A new version of the pocket-sized BBC micro:bit computer is coming to schools worldwide, packed with new features designed to keep young students up-to-date with the latest hot trends in technology.
New hardware will help young coders make experiments with artificial intelligence, and build applications running machine-learning systems. The micro:bit 2.0 also includes, for the first time, a built-in speaker and microphone, so that sound-based projects no longer have to be connected to exterior audio systems – while also letting the device respond and react to sounds like clapping.
And in a nod to big tech and the industry’s privacy headaches, an LED will flash to make it clear when the microphone is on and sensing sound, to encourage young users to reflect on the pervasiveness of listening devices.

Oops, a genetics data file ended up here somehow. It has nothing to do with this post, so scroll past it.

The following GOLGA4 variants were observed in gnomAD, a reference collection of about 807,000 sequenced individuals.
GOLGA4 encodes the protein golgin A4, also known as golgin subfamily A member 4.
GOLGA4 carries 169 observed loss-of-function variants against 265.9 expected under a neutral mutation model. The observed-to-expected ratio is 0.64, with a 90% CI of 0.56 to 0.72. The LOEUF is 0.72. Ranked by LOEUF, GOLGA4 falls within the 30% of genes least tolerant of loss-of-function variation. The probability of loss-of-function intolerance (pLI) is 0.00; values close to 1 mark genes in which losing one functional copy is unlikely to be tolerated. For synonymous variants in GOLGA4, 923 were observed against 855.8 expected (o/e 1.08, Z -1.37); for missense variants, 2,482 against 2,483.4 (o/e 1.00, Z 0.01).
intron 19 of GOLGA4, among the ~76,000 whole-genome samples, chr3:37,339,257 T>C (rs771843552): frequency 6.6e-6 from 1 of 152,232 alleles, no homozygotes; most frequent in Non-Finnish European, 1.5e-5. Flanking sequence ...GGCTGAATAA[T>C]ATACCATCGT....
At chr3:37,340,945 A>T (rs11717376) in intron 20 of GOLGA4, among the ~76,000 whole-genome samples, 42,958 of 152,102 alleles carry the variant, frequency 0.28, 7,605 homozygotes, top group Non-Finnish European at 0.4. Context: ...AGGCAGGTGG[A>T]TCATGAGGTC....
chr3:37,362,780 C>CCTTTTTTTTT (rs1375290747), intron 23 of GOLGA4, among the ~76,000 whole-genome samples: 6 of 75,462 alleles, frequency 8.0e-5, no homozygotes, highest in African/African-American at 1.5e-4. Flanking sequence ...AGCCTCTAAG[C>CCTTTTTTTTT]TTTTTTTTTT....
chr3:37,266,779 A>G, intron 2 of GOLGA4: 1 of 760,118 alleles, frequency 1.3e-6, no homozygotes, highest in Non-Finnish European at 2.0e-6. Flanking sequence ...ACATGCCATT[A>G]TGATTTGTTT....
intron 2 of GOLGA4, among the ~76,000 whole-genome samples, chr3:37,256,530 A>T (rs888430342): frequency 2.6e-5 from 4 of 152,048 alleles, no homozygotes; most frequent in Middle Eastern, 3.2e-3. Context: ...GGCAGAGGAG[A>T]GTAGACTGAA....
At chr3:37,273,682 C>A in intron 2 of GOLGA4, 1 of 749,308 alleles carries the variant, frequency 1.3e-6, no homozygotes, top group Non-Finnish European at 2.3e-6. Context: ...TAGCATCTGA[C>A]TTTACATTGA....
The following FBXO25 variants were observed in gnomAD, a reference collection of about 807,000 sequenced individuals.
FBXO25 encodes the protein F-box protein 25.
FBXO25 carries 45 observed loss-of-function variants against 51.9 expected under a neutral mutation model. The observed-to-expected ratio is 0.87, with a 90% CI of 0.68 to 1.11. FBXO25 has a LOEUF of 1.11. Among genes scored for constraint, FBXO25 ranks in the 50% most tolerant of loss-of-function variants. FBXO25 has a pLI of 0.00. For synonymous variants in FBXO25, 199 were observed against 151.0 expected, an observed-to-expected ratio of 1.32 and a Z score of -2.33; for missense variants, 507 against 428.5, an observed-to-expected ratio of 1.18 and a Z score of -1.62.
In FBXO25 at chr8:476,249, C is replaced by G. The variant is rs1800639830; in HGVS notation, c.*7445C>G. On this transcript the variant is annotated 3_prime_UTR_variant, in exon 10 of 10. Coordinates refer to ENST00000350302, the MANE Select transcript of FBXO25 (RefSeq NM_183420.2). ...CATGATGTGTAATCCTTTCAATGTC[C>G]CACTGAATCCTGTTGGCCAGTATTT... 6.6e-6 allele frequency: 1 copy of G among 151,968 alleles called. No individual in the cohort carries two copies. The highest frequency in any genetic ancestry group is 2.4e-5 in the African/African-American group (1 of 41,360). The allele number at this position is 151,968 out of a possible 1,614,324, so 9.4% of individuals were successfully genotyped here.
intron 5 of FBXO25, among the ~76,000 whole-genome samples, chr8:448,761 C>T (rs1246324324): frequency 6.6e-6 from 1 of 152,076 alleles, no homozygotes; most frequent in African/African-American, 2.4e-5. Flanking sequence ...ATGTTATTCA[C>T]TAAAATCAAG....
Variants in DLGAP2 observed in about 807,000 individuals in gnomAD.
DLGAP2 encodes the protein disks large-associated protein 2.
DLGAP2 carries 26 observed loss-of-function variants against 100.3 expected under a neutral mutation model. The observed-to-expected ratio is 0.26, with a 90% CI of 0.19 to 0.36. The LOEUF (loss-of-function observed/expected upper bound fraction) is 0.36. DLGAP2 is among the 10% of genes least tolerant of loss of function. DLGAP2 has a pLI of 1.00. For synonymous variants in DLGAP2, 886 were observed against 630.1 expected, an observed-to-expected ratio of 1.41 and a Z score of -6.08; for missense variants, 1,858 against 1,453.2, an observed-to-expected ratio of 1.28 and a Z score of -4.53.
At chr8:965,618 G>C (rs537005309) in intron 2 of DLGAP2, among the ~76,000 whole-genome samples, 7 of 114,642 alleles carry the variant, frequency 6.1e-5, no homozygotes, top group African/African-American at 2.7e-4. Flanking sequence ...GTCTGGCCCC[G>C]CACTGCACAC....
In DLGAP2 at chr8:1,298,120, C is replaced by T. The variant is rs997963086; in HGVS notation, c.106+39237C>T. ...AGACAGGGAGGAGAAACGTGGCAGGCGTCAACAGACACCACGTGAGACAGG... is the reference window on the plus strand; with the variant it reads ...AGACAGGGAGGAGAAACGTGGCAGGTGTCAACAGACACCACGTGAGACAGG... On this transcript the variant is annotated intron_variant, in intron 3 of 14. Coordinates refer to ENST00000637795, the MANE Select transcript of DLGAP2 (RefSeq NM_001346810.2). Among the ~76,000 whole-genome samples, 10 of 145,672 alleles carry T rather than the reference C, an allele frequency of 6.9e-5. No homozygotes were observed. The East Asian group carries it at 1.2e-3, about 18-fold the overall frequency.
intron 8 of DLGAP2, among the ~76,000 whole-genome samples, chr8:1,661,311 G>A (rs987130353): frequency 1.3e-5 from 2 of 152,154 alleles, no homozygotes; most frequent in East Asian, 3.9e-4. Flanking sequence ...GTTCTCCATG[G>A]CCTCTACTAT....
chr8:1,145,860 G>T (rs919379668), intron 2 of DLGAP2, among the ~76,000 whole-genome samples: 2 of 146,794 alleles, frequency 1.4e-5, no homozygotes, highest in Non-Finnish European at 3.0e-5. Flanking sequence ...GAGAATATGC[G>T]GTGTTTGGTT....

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“We want to support teachers teaching or taking their first steps with digital creativity and coding,” Gareth Stockdale, CEO of the micro:bit educational foundation, told ZDNet.
“So, listening to what teachers would find useful was really important, and making and creating with sounds always came out at the top. That’s why we worked on playful sounds and personality for the micro:bit, not just monotone beeps and buzzes.”
Available from mid-November 2020, the micro:bit’s new features are coming four years after the first iteration of the device was released as part of an effort to help children get to grips with basic programming skills.
A 4×5-centimetre computer complete with two programmable buttons, LEDs, and I/O rings to connect to other objects, the first micro:bit launched in 2016 with motion detection, a built-in compass and Bluetooth technology. The goal was to enable children with no prior knowledge of computing to easily code the computer with something simple in seconds, using a